Chocolate con Churros – My Spanish Obsession

I really like trying new foods.  A lack of fear for things like offal and funny things means I often spend my time sniffing out the weirder parts of a culture’s cuisine.  In Spain though, I had a much more normal obsession.  I ate as many chocolate with churros as I could find.  Much like how I eat gelato in Italy, except I fortunately never made it to twice a day for churros.  So to make myself feel more productive and less like I ate a billion donuts, here’s a breakdown of churros.

First, let’s start with Madrid.  San Gines is the obvious big attraction here, open til way into the night for those late night post drinking churros.  When I went during the day the line was just too much to deal with and I left it for another time.  Instead my first stop was Chocolat, off a random side street close to the museum area.  It’s a small diner manned by a few brothers with some slightly out of place chairs covered in fabric like a wedding.  Lest the reserved signs lead you astray, they were totally friendly and I was thrilled when they asked if I would wait five minutes when I ordered.  Of course I’ll wait so I can have the freshest fritter possible!

Not the prettiest set up, but a damned tasty one. Here I got a mix of churros and porras, thin star shaped donuts like most people are used to and fatter almost Chinese you tiao like ones. I prefer the thinner ones.

Not one to miss out on churros I went back to San Gines and waited in line.  Then while I was eating there were periods of no line mixed with huge ones.  The interior was beautiful in a classic way befitting such an old institution.

The chocolate was a bit chalky on its own and the waiters efficiently brusque. The churros were barely warm as they just fry them constantly like a factory. I prefer warm service and hot churros thanks.

That’s a lot of chocolate. I want a jug of chocolate.

In Seville I stopped in Cafeteria Dona Carmen and rubbed elbows with lots of senior citizens enjoying their afternoon porras. I prefer churros but this was the donut of the day. Not the best of either item but the atmosphere was charming with the local old folk.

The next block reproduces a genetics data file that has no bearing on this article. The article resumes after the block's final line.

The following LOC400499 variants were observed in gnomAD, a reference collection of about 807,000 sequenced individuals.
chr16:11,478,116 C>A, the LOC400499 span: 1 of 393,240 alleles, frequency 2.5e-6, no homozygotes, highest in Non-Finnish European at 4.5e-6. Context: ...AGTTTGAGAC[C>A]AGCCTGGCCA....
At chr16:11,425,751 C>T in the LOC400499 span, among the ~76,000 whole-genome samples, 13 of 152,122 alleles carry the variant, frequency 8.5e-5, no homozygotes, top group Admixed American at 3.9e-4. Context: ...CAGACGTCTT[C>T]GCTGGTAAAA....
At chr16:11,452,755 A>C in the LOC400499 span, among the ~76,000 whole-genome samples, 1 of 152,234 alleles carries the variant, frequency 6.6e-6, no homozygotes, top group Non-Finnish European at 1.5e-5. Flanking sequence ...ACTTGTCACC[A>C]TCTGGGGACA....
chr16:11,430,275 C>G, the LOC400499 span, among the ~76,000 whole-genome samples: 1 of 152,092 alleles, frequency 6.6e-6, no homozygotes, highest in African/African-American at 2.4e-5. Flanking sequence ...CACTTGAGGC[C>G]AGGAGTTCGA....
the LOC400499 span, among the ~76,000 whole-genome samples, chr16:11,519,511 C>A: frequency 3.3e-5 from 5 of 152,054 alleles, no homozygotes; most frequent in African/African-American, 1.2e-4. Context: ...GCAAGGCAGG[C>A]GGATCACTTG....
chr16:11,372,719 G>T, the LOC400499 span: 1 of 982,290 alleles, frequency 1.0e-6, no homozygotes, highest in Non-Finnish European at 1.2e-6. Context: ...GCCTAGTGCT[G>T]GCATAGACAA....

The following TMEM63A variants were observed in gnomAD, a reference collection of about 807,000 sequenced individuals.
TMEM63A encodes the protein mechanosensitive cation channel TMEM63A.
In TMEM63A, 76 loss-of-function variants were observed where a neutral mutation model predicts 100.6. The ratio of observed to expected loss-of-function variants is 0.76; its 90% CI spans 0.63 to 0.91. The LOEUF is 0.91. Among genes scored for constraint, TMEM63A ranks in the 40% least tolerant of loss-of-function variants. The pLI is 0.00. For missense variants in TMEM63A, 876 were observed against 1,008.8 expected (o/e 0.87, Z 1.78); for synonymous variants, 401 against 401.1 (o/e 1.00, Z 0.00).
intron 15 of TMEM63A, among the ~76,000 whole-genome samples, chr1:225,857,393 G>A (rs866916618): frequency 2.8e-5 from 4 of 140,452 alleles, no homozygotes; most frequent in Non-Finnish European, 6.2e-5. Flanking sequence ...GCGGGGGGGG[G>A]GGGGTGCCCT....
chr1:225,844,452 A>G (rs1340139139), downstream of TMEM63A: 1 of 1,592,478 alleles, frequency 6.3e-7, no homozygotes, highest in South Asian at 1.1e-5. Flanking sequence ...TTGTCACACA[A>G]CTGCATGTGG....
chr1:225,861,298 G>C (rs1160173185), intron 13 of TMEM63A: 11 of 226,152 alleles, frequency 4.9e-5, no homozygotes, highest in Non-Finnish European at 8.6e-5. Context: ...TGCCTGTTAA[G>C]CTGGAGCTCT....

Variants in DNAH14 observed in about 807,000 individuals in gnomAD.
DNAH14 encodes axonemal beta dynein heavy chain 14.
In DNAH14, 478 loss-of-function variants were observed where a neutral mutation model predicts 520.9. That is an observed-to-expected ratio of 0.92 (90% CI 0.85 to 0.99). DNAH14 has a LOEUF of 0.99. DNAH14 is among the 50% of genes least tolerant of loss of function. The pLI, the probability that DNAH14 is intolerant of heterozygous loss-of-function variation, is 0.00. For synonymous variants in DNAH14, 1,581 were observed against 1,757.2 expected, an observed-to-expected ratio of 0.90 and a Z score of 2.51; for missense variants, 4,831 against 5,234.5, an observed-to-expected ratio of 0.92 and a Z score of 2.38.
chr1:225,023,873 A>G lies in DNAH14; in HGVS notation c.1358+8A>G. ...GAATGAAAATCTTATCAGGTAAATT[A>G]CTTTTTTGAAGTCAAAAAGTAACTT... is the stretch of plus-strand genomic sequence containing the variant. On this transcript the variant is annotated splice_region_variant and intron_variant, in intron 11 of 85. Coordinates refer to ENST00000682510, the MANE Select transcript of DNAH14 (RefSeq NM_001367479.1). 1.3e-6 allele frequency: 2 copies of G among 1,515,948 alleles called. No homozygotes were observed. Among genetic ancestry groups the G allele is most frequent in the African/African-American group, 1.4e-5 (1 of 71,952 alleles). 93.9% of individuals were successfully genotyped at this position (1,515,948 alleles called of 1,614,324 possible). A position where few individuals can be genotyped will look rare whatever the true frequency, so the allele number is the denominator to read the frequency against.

In Malaga I managed to go to Casa Arandas from the nearby market just in time before closing at noon. This was the only place I went where they let you order churros by the stick and had a takeout counter for them. Both chocolate and churros were good here.

In Granada I went to Churreria Alhambra in a touristy plaza. I found the donuts to be greasy and chocolate ok but again chalky. At least they were fried fresh though.

I got around to Cafe Futbol also in Granada. The donuts were almost densely solid here. I found both chocolate and churros between ok and good.

In Cordoba I stumbled on this stand outside the Alcazar while starving for breakfast in-between running to catch the free entrances. The dough tasted funnel cake like and dense. While not particularly churro like to me it was one of my favorite donuts fresh off the fryer and greasing up the paper.

Back in Madrid before my flight I stopped at Chocolateria Valor where they make chocolates as well. Accordingly, the chocolate was good but the donuts perhaps the worst and greasiest I’ve had in Spain.

My hostel serves chocolate and churros in the morning so it is fitting that the last thing I will eat in Spain is my most obsessed dish.  Far superior to American (Mexican) churros of cinnamon and sugar, I will longingly miss the Spanish version as I travel onward.

  1. jenn said:

    Yessss. Churros con chocolate are MY favoritest ever as well. So which was the best churro and best chocolate, respectively?

  2. Katie Parks said:

    Me, too. It is something I wish we imported in America.

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